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Dr Shams Mir

Does it make sense to neuter a male dog?

Long before male puppies begin to approach puberty, many will already have started to display various reproductive behaviours, which are unproductive and undesired for a pet dog.

Performing mock sexual activity on other dogs or the legs of humans is often the start of the process. The sexually driven territorial instinct of the growing male dog can also manifests itself in gradually increasing aggressive responses to other dogs, and to humans in some cases. A male dog can sense the scent of a bitch in season even when far away from sight and earshot, and the relentless pursuit of the bitch in question lands many dogs into trouble.

The scant yellow green pus like secretion normally seen at the prepucial orifi ce of the young dog continues to increase gradually over the years. The excessive enlargement of the prostate gland in some older dogs leads to continual dribbling of urine or diffi culty passing urine or motions. The prostate gland becomes prone to infection, inflammation and development of prostatic cysts and tumours, the latter can prove to be fatal. Furthermore, male dogs are prone to certain type of tumours and hernia formation around the anus. The incredible thing is this: all the above described problems are the repercussions of the male sex hormone; testosterone!

The simple, most reliable and least expensive solution to controlling all of the above described problems and to eliminate the possibility of testicular tumours is to have a dog castrated.

Most of those who have previously had their dogs castrated will generally make this decision for their new young dog without any problem. But first time dog owners sometimes struggle to reach this decision – taking note of various myths about castration.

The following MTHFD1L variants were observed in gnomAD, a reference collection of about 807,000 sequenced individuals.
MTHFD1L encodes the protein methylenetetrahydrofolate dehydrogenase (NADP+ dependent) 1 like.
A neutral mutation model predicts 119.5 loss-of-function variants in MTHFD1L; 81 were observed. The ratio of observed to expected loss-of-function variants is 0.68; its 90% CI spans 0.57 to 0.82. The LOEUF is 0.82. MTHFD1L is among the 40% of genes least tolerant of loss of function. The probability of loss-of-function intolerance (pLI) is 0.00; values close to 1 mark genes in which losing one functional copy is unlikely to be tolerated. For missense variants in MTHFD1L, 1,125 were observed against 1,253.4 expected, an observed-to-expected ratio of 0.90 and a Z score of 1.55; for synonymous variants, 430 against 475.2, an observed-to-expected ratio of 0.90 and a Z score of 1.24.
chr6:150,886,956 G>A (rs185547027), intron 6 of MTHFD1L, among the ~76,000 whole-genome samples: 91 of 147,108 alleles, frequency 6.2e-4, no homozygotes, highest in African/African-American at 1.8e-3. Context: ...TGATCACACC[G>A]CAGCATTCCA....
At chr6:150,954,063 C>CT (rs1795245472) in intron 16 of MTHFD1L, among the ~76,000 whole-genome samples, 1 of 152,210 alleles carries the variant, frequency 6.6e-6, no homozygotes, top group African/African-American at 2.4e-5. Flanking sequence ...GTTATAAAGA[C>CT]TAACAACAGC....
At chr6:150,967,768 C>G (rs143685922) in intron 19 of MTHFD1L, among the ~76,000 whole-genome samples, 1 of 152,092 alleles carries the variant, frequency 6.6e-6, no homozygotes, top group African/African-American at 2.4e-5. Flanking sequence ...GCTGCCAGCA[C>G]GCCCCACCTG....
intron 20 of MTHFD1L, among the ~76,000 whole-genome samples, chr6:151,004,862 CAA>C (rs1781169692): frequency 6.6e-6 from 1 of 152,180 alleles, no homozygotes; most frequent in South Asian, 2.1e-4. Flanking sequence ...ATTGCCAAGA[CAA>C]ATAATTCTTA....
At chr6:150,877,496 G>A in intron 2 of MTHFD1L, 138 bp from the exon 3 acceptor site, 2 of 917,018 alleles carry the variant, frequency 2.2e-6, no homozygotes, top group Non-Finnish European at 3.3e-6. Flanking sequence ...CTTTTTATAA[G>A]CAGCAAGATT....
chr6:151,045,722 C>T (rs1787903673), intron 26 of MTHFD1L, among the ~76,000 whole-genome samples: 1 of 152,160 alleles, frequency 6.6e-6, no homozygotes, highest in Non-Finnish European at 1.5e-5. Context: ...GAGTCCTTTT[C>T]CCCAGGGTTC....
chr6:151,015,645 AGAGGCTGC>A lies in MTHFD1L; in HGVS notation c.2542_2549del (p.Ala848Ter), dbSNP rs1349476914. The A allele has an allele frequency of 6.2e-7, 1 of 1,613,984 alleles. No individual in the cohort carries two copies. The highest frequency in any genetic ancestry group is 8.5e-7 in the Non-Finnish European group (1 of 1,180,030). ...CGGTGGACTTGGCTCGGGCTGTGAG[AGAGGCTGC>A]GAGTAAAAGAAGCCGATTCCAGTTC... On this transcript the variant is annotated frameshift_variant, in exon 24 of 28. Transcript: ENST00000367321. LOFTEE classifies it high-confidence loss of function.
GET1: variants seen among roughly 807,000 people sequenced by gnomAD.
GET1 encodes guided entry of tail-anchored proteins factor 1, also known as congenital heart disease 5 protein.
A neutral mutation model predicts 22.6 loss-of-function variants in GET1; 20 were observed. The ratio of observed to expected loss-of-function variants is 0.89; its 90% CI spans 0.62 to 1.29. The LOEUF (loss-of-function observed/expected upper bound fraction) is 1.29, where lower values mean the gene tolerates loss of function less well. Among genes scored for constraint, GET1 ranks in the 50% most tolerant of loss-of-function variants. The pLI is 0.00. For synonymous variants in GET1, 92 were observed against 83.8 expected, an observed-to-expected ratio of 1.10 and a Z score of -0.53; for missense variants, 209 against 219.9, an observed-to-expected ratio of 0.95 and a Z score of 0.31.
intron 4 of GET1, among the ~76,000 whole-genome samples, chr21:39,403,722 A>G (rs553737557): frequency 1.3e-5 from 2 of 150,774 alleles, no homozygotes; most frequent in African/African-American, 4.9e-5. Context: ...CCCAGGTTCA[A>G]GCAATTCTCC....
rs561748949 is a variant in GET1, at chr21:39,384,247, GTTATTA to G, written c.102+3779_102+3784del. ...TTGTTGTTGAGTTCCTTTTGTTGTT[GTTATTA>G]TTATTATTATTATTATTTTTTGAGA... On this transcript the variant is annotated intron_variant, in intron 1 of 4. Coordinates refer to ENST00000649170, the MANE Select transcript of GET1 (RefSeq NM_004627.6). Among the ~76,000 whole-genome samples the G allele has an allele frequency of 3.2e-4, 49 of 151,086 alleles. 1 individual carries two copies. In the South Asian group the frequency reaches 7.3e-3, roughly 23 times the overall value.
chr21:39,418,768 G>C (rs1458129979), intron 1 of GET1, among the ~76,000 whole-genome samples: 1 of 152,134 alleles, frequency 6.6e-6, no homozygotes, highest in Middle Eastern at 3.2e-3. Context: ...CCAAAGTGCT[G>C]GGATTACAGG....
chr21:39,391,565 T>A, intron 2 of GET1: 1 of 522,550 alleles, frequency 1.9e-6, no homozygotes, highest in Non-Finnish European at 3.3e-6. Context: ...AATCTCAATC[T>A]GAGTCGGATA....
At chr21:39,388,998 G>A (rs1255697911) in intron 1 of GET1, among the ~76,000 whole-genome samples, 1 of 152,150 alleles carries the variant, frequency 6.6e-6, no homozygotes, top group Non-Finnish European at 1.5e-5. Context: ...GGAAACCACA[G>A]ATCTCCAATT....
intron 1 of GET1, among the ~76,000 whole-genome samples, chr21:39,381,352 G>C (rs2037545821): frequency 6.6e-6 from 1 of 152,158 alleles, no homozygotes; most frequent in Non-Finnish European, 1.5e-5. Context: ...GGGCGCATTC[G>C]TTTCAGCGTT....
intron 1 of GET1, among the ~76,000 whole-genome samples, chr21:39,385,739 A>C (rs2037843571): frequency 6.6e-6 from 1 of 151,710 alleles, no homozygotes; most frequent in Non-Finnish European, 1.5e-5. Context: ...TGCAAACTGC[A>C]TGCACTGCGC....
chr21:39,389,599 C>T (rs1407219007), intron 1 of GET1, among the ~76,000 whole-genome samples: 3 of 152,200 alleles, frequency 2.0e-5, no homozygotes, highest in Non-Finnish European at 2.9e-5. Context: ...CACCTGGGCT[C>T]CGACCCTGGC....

One of the profound but unfounded concerns is that the castration may change a dog’s behaviour. Yes, it does but for the better. It does not change a dog’s personality, if we can call it so. A castrated dog is a calm, composed and perhaps a little more thoughtful dog, rather than the one which is always hyper excitable and impulsive. If a dog is aggressive to humans, castration is less likely to change that especially if the castration is left for too late.

It is true that a castrated dog is likely to put on more weight. This is not purely because of castration but more so due to the dog not spending too much energy on unproductive behaviours.

Some may say that castration predisposes a male dog to other uncommon clinical conditions, but a dog that has not been castrated is more likely to succumb to many of the above outlined testosterone dependent diseases compared to a castrated dog developing any uncommon condition.

The ideal time to castrate a puppy is when they attain the age puberty, usually by around 7 – 9 months, but large breed dogs may be ready much earlier. However, it is never too late to castrate, as the procedure becomes rather inevitable when prostatic problems emerge which usually happen in older dogs.

The surgical procedure of castration is performed under general anaesthesia and is essentially simple, but different vets perform the procedure slightly differently. Some vets prefer to remove the scrotal sac, but at ‘Sunrise’ we perform the procedure in the least invasive way, through a small incision, which is closed without any visible sutures. Thanks to our modern anaesthetic protocols and equipment, most dogs are up on their feet within 10-15 minutes of completing the surgical procedure and usually ready to go home within a couple of hours. Since we opened doors for service over three years ago, we have never needed to keep a patient in overnight after surgery – minor or major.

If you need more information or wish to discuss any concerns you may have regarding your dog, please give me a ring on 01257 463 142 and I will try my level best to help.

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